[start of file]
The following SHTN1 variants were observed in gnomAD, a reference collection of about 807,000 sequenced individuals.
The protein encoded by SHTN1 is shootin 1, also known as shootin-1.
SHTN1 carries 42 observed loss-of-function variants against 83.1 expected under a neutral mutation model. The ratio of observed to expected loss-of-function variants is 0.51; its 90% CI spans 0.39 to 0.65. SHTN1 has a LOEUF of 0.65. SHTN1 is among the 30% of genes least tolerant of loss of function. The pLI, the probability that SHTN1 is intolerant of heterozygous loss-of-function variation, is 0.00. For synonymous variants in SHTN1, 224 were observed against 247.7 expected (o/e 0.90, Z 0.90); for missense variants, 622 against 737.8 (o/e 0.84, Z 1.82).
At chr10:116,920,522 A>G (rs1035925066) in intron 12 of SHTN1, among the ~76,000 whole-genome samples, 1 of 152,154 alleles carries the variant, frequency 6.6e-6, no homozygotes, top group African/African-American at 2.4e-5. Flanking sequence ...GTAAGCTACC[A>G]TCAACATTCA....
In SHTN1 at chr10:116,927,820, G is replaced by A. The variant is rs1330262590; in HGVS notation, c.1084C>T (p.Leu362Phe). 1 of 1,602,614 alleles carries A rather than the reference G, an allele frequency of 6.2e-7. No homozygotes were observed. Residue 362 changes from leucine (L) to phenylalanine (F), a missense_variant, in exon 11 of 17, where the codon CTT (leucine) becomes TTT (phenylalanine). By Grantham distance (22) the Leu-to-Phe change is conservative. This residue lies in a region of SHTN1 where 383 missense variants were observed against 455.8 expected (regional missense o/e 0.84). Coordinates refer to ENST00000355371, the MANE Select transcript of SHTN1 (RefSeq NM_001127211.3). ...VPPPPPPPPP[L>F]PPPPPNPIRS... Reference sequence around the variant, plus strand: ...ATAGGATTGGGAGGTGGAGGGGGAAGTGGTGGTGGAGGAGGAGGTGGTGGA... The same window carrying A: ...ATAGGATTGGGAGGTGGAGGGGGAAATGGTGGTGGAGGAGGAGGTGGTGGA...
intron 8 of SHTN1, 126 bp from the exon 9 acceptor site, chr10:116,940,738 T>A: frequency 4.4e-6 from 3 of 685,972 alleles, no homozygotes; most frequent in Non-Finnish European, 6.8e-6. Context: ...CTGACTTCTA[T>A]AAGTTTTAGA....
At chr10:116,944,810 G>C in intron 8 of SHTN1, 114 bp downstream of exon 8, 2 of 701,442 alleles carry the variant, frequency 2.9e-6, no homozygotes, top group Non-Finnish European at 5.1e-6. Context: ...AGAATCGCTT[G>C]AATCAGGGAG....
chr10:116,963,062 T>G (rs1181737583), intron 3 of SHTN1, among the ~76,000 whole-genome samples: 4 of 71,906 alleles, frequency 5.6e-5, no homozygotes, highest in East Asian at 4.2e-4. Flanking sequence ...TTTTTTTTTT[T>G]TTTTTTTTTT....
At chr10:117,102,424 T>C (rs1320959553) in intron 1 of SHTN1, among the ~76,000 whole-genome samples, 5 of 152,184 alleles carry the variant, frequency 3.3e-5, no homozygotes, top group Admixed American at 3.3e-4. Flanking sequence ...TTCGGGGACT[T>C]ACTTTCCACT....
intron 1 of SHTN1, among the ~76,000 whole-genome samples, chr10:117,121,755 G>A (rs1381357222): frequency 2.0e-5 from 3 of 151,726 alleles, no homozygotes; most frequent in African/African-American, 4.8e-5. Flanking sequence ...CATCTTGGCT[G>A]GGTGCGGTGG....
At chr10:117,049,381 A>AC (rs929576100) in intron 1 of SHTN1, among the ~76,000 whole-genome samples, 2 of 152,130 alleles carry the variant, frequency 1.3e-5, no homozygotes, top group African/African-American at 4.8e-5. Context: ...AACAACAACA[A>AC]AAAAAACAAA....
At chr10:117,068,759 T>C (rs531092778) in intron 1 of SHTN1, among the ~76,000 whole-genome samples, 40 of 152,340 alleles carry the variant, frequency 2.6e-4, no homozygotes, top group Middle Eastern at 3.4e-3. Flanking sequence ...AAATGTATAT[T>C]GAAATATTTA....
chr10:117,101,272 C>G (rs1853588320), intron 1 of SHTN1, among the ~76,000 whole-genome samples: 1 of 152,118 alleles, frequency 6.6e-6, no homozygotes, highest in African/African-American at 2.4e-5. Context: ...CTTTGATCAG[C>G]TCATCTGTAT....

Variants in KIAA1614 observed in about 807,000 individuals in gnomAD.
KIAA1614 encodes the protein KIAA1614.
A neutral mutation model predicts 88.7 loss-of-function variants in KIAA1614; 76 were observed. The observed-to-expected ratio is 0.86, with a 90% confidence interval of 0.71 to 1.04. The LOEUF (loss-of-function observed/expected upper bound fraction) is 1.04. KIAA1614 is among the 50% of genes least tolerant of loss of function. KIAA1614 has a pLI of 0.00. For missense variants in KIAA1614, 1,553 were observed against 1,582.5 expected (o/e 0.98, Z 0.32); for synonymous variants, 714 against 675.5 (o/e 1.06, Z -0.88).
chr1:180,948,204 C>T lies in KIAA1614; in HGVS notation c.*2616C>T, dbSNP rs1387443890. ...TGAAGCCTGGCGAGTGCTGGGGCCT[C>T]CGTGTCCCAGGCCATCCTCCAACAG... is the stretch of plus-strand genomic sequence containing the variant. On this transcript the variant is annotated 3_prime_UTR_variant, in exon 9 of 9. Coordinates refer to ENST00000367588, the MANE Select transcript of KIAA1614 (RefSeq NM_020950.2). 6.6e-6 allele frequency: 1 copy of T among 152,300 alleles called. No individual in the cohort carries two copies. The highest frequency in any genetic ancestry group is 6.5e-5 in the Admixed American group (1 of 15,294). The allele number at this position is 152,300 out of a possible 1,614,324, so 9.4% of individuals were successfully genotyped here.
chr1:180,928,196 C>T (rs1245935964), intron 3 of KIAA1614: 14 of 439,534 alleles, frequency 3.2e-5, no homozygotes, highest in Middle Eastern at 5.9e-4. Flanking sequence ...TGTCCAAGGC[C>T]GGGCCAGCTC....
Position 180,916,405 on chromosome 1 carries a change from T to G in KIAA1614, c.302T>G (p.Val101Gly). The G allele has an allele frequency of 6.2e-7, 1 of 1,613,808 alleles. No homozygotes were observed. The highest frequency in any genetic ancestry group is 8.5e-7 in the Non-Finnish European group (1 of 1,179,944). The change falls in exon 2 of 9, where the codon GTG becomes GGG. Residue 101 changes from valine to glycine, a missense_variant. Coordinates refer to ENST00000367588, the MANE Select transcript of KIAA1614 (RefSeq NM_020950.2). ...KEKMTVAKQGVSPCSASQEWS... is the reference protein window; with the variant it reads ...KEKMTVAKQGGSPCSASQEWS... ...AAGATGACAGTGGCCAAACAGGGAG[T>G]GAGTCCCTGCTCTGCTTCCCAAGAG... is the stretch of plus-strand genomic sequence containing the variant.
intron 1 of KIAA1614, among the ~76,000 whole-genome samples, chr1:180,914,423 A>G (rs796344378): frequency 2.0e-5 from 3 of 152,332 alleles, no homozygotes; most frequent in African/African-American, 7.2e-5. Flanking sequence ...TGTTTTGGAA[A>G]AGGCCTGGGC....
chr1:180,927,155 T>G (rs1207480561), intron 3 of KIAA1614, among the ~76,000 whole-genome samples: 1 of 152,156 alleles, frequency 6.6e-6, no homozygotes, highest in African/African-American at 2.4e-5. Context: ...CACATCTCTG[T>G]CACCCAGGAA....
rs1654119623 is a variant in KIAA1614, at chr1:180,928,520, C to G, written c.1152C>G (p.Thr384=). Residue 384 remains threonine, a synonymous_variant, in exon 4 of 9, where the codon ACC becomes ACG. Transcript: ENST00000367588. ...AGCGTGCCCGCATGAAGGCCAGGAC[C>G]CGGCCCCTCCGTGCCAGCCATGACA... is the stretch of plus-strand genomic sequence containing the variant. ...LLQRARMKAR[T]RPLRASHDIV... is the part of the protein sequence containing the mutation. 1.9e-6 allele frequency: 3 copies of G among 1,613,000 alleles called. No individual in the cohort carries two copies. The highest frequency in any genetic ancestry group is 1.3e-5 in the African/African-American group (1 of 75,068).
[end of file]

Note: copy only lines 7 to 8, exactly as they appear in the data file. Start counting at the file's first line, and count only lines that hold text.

At chr10:116,944,810 G>C in intron 8 of SHTN1, 114 bp downstream of exon 8, 2 of 701,442 alleles carry the variant, frequency 2.9e-6, no homozygotes, top group Non-Finnish European at 5.1e-6. Context: ...AGAATCGCTT[G>C]AATCAGGGAG....
chr10:116,963,062 T>G (rs1181737583), intron 3 of SHTN1, among the ~76,000 whole-genome samples: 4 of 71,906 alleles, frequency 5.6e-5, no homozygotes, highest in East Asian at 4.2e-4. Flanking sequence ...TTTTTTTTTT[T>G]TTTTTTTTTT....